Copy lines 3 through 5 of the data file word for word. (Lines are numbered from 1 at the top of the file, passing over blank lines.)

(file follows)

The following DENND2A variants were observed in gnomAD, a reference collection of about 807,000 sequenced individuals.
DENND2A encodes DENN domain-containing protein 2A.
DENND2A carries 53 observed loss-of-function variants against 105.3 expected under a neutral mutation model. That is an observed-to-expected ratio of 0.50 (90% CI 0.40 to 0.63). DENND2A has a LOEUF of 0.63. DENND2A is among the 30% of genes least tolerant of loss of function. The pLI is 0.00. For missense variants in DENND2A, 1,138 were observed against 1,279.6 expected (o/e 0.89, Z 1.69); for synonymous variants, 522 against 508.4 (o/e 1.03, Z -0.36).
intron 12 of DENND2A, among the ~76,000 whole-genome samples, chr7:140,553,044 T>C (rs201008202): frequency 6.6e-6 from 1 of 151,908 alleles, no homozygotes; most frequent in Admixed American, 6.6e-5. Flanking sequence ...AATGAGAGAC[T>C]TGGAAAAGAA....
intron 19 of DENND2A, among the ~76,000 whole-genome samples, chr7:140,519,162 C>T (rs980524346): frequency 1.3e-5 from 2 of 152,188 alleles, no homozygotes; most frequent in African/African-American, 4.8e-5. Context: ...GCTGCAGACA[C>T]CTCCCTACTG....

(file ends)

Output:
DENND2A carries 53 observed loss-of-function variants against 105.3 expected under a neutral mutation model. That is an observed-to-expected ratio of 0.50 (90% CI 0.40 to 0.63). DENND2A has a LOEUF of 0.63. DENND2A is among the 30% of genes least tolerant of loss of function. The pLI is 0.00. For missense variants in DENND2A, 1,138 were observed against 1,279.6 expected (o/e 0.89, Z 1.69); for synonymous variants, 522 against 508.4 (o/e 1.03, Z -0.36).
intron 12 of DENND2A, among the ~76,000 whole-genome samples, chr7:140,553,044 T>C (rs201008202): frequency 6.6e-6 from 1 of 151,908 alleles, no homozygotes; most frequent in Admixed American, 6.6e-5. Flanking sequence ...AATGAGAGAC[T>C]TGGAAAAGAA....
intron 19 of DENND2A, among the ~76,000 whole-genome samples, chr7:140,519,162 C>T (rs980524346): frequency 1.3e-5 from 2 of 152,188 alleles, no homozygotes; most frequent in African/African-American, 4.8e-5. Context: ...GCTGCAGACA[C>T]CTCCCTACTG....